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How did the world of nation-states come about? What happened to the world of empires that preceded it? How did the transition take place and how inevitable was it? These may seem (and indeed are) old questions.
Mark Goldie has been one of the most influential interrogators of England in the later 17th and early 18th centuries.
In the last year several books appeared focused on the United States in the world that seek to combine a study of intellectual history, popular culture and politics in a long breath of the 19th century.
In The Ethnographic State: France and the Invention of Moroccan Islam, Edmund Burke does the important work of historicizing colonial-era research on Morocco and Moroccans.
This is a useful contribution to the growing body of research on 19th-century Irish print media (it begins with a survey of academic literature on the subject).
Martin Hewitt’s study is a meticulously researched account of the mid-Victorian phase of the campaigns against press taxes.
From the late 1960s, the methods and claims of ‘conceptual history’ – although perhaps not Begriffsgeschichte – have fruitfully informed the scholarship of historians working on early-modern British and ‘Anglo-world’ political thought .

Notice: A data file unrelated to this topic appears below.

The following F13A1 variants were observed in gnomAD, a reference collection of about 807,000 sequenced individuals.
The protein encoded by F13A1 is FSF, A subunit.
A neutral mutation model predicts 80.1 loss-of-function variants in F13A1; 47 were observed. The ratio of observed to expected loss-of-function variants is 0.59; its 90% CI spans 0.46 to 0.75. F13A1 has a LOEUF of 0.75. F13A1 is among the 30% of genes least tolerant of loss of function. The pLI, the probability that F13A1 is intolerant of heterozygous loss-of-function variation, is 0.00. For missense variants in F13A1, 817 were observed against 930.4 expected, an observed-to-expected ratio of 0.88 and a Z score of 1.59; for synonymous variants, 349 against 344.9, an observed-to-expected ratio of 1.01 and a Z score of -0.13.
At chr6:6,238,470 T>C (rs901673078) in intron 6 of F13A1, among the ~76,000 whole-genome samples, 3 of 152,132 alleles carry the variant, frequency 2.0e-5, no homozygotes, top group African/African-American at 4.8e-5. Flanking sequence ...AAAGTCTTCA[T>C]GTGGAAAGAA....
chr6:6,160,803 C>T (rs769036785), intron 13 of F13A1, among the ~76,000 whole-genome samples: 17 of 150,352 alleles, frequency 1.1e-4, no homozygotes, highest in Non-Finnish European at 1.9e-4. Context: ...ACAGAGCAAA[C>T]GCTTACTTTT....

These are the first two volumes of a new series, Histoire de la France contemporaine. They replace the previous Seuil series, published in the 1970s. As a reflection of the attitudes of current French academic specialists, they are interesting on two levels. Each is a careful synthesis of recent research on the two periods.
In recent years, historians have begun to explore the political experiences of Victorian women outside the well-trodden suffrage narrative. As a consequence, we have a far greater understanding of how certain women were able to negotiate, exploit and overcome the legal and ideological constraints society placed upon them.
Child of the Enlightenment is a captivating book: charming, moving, and richly informative, it melds the intimate and distant, weaving together bodies, emotions and minds, Enlightenment ideas and philosophy, and revolutionary politics.